Watching Sam walk towards the bull with an air of confidence and absolutely no outward sign of fear took away that feeling of helplessness from me, yet it was with leaden feet and a sweaty brow that I followed him. The bull stood still with his ears still out. His trunk was now lowered, but its tip was still curved slightly upwards. It was a grand sight. He looked intently at Sam with a quizzical expression on his face. Then a deep rumble came from that cavernous belly, and he gave a throaty growl that seemed to shake the very bund that we stood on.

Not for a moment did Sam falter but kept walking towards the elephant. Then an ear-splitting squeal rent the air and the elephant gave way. He turned around, yet with that air of dignity these beasts possess and slowly walked down the bund. Then turning round again at the edge of the jungle, he watched us. At this point no more than fifteen feet separated the bull from the bund. Sam, that brave man, stood on it and wanted me to get past him. My involuntary quick strides brought trumpeting from the bull. I turned round expecting him to be coming after me, but Sam was behind me with a wide grin on his face.

It was with a sense of relief, now that our path of retreat to the lodge was once again clear, that we sat on the bund and waited for the bull to come out. Within minutes he obliged by coming on to the bund and walking towards the herd. He then got into the wewa and started to feed on the luscious grass. I noted then that I was thirsty, and once again looked into Sam’s grinning face. He then said, “Sir, your beer must be getting warm”.

Mock fight

There was another incident that was pleasing to watch as long as it lasted and then left delightful memories after it was over. Just after a 20-minute shower of rain that left as suddenly as it came and made the evening damp but sunny, two young bulls came on to the bund and started pushing each other and banging foreheads in a playful wrestling bout. This went on for some time till they got down from the bund and entered the jungle from where we could hear them. The din however was getting closer and we waited expectantly.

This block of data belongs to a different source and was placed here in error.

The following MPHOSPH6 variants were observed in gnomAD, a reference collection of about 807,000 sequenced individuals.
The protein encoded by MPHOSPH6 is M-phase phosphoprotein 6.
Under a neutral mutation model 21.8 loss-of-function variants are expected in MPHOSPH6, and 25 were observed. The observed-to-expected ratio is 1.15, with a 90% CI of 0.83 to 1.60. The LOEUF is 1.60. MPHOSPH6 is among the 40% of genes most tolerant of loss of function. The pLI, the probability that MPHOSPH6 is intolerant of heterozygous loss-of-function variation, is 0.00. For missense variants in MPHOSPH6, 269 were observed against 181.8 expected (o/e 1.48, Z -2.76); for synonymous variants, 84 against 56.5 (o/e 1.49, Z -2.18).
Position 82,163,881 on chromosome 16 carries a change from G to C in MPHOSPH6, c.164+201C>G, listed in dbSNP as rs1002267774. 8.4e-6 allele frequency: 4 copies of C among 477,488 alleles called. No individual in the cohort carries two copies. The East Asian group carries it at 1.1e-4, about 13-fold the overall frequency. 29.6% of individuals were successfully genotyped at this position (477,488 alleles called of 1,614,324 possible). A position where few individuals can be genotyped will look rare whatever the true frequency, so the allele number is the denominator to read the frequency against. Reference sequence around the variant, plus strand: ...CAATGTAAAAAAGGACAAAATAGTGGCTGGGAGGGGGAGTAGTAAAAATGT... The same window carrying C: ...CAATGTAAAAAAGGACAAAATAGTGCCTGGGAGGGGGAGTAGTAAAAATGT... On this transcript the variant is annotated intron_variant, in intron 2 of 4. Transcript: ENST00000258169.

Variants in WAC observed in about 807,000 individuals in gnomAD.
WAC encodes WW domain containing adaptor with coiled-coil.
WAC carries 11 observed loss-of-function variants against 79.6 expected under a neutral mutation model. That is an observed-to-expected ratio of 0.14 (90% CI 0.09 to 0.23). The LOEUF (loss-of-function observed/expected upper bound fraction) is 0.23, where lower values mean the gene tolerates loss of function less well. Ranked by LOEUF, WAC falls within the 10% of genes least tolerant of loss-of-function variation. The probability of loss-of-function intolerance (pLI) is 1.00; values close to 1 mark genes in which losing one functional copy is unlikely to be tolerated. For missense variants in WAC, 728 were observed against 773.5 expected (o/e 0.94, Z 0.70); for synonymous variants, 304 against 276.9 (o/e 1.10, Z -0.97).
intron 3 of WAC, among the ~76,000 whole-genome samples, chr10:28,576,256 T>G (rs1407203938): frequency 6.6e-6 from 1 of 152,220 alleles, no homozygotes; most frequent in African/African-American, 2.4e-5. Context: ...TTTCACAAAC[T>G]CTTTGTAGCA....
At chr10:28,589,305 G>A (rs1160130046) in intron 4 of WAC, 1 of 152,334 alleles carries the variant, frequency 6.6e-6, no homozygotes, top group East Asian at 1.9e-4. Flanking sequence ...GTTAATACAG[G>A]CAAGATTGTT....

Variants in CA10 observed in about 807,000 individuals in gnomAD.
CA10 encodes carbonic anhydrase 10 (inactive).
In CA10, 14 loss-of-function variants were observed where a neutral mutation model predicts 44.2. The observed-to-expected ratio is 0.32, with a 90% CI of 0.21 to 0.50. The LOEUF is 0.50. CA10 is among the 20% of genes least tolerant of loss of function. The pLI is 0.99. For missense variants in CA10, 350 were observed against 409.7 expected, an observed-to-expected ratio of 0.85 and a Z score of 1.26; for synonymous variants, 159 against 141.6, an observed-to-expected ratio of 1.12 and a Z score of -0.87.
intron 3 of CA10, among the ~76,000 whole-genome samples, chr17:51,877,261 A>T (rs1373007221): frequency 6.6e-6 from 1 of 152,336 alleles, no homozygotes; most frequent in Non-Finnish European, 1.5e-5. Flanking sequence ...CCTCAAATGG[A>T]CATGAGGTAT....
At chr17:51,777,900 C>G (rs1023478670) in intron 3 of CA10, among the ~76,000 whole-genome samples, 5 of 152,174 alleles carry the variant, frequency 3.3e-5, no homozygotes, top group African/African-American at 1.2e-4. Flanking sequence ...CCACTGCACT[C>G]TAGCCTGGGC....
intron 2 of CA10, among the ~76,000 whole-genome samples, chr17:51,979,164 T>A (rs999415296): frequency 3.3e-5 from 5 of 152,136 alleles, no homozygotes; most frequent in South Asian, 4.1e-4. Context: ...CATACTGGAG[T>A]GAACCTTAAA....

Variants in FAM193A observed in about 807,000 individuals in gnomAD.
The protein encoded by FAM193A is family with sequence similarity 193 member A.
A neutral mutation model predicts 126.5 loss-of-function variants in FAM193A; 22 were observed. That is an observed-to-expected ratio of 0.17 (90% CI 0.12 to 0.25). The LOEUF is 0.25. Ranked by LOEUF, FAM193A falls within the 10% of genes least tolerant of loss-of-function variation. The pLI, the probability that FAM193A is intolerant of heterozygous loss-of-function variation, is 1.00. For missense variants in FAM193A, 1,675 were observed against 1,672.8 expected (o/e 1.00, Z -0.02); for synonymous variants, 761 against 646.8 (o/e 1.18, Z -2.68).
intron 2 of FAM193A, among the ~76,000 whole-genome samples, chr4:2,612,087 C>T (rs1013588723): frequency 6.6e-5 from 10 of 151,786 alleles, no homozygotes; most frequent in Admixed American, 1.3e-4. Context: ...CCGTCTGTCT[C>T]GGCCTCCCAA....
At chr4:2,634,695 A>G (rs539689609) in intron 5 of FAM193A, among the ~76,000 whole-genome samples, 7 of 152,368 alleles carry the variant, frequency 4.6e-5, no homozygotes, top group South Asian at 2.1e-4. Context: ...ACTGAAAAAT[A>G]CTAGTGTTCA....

They broke cover just in front of the lodge, bursting out of the undergrowth, with one bull chasing after the other. The first one in a hurry did not notice the large pool in front of him, just below the anicut. Before he could stop himself his forelegs crumbled, and as if in slow motion, slithered head over heels into the water. He was up in a flash and stood watching his companion at the edge of the pool with a bewildered, almost human, expression on his face.

Largest herd

The climax of our stay at Lahugala came in the morning before we left. The enthusiastic voice of Mervyn woke me up, and was almost pleading with me to get up as I loathed to leave the comfort of my cozy camp bed and face the morning chill in order to see what he was looking at. When I responded I saw, right across the wewa, almost stretching across our entire field of vision, the largest gathering of elephants I had seen till then.

We gave up our count at 200, as the centre section of the herd had already started making their way into the jungle. By 8 am they were all back in the forest. Once the elephants had gone, an indescribable feeling of loneliness and desolation pervaded the place.

These incidents took place in 1974 and at that time Lahugala was not declared a national park. The lodge was leased from the Department of Irrigation and run by Wildlife and Nature Protection Society for its members. It was handed over to the Department of Wildlife once the place was declared a national park. Visitors were then not allowed to walk along the bund.

However, in the 1980’s when I was Honorary Secretary of the Society and consultant and adviser to the then Director of Wildlife, I had the privilege of traversing the bund, when I had some excellent experiences with elephants. I also had some exciting footage from the bund when filming for national television.

In 1974, when I did not have much experience in the wilds, the incident on the bund as related here, was terrifying. In the 1980’s, when I worked extensively in the field in an honorary capacity for the Director of Wildlife, I had more nerve-racking experiences, but I still consider the incident on the bund a ‘sticky moment’.

Chandima Karunaratne and Mervyn Gunasekera made many more jungle trips with me and shared many an exciting event. Sadly in 1996 Mervyn passed away. Though no longer with us, his memory, like that of the herd at Lahugala, will always remain with us. The bungalow keeper Samuel was employed by the Society, and when the bungalow was handed over to the Department of Wildlife, he left the Society and I have completely lost contact with him.

(To be continued)

(Excerpted from Jungle Journeys in Sri Lanka edited by C.G. Uragoda)